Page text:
Excerpted from “Here’s how Congress could hold the EPA accountable for its ‘dereliction of duty,'” Grist, Oct. 4, 2021, Yvette Cabrera.
Last year, a coalition of environmental groups called the EPA decision reckless, filed a lawsuit, and asked the agency to issue an emergency rule requiring those polluters who took advantage of the relaxed standards to submit written notice to the EPA — and for that information to be made public. The court, however, found that the groups had no legal standing to move forward with the lawsuit.
Last month, a coalition of some of those same organizations, in partnership with the Vermont Law School Environmental Justice Clinic, issued a report calling for public transparency around the implementation and effects of this policy, which was in place for more than five months as COVID-19 cases skyrocketed among Indigenous tribes, communities of color, and in low-income areas across the country, many of which have borne the brunt of environmental degradation for decades.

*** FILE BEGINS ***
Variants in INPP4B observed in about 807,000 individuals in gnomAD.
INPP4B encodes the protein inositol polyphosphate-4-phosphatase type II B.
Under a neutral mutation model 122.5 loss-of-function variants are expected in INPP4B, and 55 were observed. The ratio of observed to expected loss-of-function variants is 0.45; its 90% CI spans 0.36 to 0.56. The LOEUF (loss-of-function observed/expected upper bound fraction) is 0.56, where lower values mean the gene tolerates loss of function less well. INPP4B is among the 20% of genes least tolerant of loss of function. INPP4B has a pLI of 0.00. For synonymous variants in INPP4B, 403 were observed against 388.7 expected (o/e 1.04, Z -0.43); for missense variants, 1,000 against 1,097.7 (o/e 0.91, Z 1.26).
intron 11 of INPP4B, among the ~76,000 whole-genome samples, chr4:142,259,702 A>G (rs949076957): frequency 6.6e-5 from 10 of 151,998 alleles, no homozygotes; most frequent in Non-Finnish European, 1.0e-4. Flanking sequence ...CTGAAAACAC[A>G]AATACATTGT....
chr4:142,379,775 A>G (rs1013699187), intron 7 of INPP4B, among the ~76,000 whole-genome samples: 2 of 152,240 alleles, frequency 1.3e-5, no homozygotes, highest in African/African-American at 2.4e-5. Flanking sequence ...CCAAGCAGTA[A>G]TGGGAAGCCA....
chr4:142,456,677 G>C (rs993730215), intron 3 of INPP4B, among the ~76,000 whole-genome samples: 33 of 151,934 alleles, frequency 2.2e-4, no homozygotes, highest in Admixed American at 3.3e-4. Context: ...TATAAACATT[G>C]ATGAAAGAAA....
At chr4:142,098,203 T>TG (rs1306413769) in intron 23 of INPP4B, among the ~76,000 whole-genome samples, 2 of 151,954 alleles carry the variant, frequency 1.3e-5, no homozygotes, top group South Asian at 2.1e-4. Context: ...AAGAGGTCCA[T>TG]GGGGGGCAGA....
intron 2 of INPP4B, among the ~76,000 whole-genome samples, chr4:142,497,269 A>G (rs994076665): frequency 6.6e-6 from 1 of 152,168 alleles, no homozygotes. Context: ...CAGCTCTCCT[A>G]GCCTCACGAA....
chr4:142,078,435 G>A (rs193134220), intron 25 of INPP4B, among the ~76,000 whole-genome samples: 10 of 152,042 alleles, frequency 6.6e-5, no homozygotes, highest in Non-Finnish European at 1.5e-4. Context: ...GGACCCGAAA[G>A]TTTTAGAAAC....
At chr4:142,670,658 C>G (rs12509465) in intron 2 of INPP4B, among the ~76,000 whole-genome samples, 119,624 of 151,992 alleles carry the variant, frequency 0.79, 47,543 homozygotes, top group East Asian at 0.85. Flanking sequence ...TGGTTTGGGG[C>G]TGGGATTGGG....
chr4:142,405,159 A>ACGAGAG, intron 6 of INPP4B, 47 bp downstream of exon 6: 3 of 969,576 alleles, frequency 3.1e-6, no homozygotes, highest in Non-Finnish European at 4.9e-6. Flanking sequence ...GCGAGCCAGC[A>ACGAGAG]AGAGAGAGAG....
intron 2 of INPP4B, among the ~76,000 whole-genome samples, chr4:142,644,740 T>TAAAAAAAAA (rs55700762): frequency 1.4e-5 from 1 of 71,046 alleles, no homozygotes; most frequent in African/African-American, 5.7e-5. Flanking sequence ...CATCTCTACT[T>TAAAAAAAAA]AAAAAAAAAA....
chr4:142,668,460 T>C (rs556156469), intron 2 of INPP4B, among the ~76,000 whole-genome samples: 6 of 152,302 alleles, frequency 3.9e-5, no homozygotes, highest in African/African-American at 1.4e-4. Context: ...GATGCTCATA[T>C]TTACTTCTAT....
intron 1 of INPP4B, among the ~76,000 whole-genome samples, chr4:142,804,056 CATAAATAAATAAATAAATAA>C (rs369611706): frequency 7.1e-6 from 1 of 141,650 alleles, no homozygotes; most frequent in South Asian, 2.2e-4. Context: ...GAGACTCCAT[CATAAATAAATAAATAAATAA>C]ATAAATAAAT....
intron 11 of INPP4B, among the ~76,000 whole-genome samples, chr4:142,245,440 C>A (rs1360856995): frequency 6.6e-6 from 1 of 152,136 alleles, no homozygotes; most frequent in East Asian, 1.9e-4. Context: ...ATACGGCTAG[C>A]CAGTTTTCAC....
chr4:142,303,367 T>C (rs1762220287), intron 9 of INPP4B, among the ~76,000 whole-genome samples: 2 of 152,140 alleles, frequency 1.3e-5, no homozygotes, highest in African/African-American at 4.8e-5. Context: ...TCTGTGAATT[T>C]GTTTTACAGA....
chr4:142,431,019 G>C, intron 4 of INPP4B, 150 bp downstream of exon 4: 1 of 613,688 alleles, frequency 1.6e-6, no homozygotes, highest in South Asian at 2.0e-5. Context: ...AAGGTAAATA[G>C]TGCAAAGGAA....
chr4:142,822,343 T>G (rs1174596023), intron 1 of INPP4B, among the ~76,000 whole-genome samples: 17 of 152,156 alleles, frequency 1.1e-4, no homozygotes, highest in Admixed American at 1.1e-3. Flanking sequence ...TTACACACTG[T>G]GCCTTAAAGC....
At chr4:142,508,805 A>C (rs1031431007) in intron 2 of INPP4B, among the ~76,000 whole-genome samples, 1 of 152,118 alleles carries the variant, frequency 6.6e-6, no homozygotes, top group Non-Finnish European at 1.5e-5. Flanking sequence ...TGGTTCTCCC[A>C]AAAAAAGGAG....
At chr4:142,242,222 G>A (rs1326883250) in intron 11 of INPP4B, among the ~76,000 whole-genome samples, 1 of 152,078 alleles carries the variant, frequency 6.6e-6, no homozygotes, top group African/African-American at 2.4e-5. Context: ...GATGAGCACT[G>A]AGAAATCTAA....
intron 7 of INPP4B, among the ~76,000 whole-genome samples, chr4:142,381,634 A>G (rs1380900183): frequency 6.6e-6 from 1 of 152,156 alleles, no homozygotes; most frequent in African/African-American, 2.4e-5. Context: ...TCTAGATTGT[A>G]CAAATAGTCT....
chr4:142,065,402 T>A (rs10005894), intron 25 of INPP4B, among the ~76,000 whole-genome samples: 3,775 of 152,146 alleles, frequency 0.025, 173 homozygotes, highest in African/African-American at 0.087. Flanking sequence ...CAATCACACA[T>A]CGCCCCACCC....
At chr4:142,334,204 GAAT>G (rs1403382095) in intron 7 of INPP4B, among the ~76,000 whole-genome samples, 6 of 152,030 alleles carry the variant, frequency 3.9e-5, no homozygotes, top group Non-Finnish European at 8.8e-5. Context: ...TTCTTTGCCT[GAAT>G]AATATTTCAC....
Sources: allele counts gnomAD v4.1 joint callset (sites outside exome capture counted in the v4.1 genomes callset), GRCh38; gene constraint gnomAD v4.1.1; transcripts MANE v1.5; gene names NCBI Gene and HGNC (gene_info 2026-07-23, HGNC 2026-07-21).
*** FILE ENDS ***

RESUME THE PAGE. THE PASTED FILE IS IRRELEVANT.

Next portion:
Jose Bravo is the executive director of the San Diego-based Just Transition Alliance, a national coalition of environmental justice organizations and labor unions that was one of the plaintiffs in the lawsuit and a member of this coalition. Bravo told Grist that understanding how the EPA’s relaxed standards affected air pollution levels and other types of contamination is paramount to understanding how much of an impact the policy had on vulnerable communities. “It is very hard to see, because everybody left their post,” he said.